Monday, November 16, 2009

Direct Conversion Cyanobacteria: Where Will They Get the CO2 to Make Fuels and Plastics?

UCLA researchers have engineered a strain of cyanobacteria that can directly synthesise valuable chemicals isobutanol and isobutyraldehyde from CO2 and sunlight.
Researchers at UCLA led by Dr. James Liao have genetically engineered the common photosynthetic cyanobacterium—Synechococcus elongatus—efficiently to produce isobutyraldehyde and isobutanol directly from CO2. Isobutyraldehyde is a precursor for the synthesis of other chemicals, and isobutanol can be used as a gasoline substitute.

A paper on their work was published online in Nature Biotechnology 15 November. In December 2007, biofuels company Gevo acquired an exclusive license for a method developed by Dr. Liao for modifying the metabolic pathway of E.coli bacteria for the non-fermentative synthesis of higher alcohols including isobutanol, 1-butanol, 2-methyl-1-butanol, 3-methyl-1-butanol and 2-phenylethanol from glucose. Dr. Liao is on Gevo’s scientific advisory board. (Earlier post.)

The researchers modified S. elongatus by incorporating four genes from other bacteria into the structure. The new synthetic pathway begins with the photosynthetic conversion of CO2 to pyruvic acid; three further steps make isobutyraldehyde. Extracting the final product from the mix is a simple process.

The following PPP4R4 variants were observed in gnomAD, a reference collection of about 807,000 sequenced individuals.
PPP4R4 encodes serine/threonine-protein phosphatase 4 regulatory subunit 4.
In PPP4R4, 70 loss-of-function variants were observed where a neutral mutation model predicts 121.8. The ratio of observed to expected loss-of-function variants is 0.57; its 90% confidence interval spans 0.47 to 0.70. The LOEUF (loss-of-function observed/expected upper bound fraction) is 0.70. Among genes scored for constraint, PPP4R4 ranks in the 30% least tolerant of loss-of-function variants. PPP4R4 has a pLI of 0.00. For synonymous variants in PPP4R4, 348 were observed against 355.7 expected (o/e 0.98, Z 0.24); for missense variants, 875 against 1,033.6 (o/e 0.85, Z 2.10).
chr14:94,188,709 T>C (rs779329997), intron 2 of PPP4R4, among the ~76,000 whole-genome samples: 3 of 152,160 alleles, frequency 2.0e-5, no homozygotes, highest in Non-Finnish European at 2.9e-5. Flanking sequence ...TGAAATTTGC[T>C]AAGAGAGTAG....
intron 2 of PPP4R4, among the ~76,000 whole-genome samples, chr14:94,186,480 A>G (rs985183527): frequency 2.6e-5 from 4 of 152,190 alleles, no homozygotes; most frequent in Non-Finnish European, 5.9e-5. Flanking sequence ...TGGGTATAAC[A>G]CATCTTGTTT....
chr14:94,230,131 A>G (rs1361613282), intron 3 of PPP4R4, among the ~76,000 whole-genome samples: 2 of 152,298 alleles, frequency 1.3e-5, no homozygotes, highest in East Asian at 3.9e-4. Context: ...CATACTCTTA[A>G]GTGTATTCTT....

The high vapor pressure of isobutyraldehyde allows in situ product recovery and reduces product toxicity. The engineered strain remained active for 8 days and produced isobutyraldehyde at a higher rate than those reported for ethanol, hydrogen or lipid production by cyanobacteria or algae. _GCC
Al Fin supports all viable approaches to biofuels and materials production, but like other methods of "direct conversion" of CO2 to fuels, this process is dependent upon a ready supply of CO2.

Dimwitted greens in academia, media, politics, and environmental organisations, may assume that there is more than enough CO2 in the atmosphere to drive these biofuel efforts. Sadly, CO2 is less than 0.04 % of Earth's gaseous atmosphere. For direct conversion to work, highly concentrated supplies of CO2 will have to be made available.

But if coal mines and power plants are to be shut down under Obamamania energy starvation policies, we may have to import CO2 from China -- using money borrowed from the Chinese.

A good plan, if you are a green rookie of dubious mental depth.

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